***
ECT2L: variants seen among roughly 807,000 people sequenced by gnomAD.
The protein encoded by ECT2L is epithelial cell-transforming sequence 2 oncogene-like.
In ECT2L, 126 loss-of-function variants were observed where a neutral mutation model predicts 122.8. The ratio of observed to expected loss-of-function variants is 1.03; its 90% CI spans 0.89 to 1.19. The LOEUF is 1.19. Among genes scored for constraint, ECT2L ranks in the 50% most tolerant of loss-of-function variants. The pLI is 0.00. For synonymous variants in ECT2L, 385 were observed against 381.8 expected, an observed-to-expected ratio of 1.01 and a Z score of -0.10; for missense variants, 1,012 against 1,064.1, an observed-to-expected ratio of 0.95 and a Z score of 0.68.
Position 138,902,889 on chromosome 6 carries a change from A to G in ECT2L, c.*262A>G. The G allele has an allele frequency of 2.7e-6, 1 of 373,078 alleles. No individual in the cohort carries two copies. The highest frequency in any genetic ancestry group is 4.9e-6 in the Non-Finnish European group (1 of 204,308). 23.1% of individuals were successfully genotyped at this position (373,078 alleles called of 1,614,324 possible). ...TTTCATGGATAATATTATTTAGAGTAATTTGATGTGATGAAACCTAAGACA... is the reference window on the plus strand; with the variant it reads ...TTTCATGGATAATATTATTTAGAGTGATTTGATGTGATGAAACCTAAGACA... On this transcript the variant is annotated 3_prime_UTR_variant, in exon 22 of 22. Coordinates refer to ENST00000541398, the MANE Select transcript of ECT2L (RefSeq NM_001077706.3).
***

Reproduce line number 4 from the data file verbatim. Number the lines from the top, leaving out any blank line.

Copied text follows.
Position 138,902,889 on chromosome 6 carries a change from A to G in ECT2L, c.*262A>G. The G allele has an allele frequency of 2.7e-6, 1 of 373,078 alleles. No individual in the cohort carries two copies. The highest frequency in any genetic ancestry group is 4.9e-6 in the Non-Finnish European group (1 of 204,308). 23.1% of individuals were successfully genotyped at this position (373,078 alleles called of 1,614,324 possible). ...TTTCATGGATAATATTATTTAGAGTAATTTGATGTGATGAAACCTAAGACA... is the reference window on the plus strand; with the variant it reads ...TTTCATGGATAATATTATTTAGAGTGATTTGATGTGATGAAACCTAAGACA... On this transcript the variant is annotated 3_prime_UTR_variant, in exon 22 of 22. Coordinates refer to ENST00000541398, the MANE Select transcript of ECT2L (RefSeq NM_001077706.3).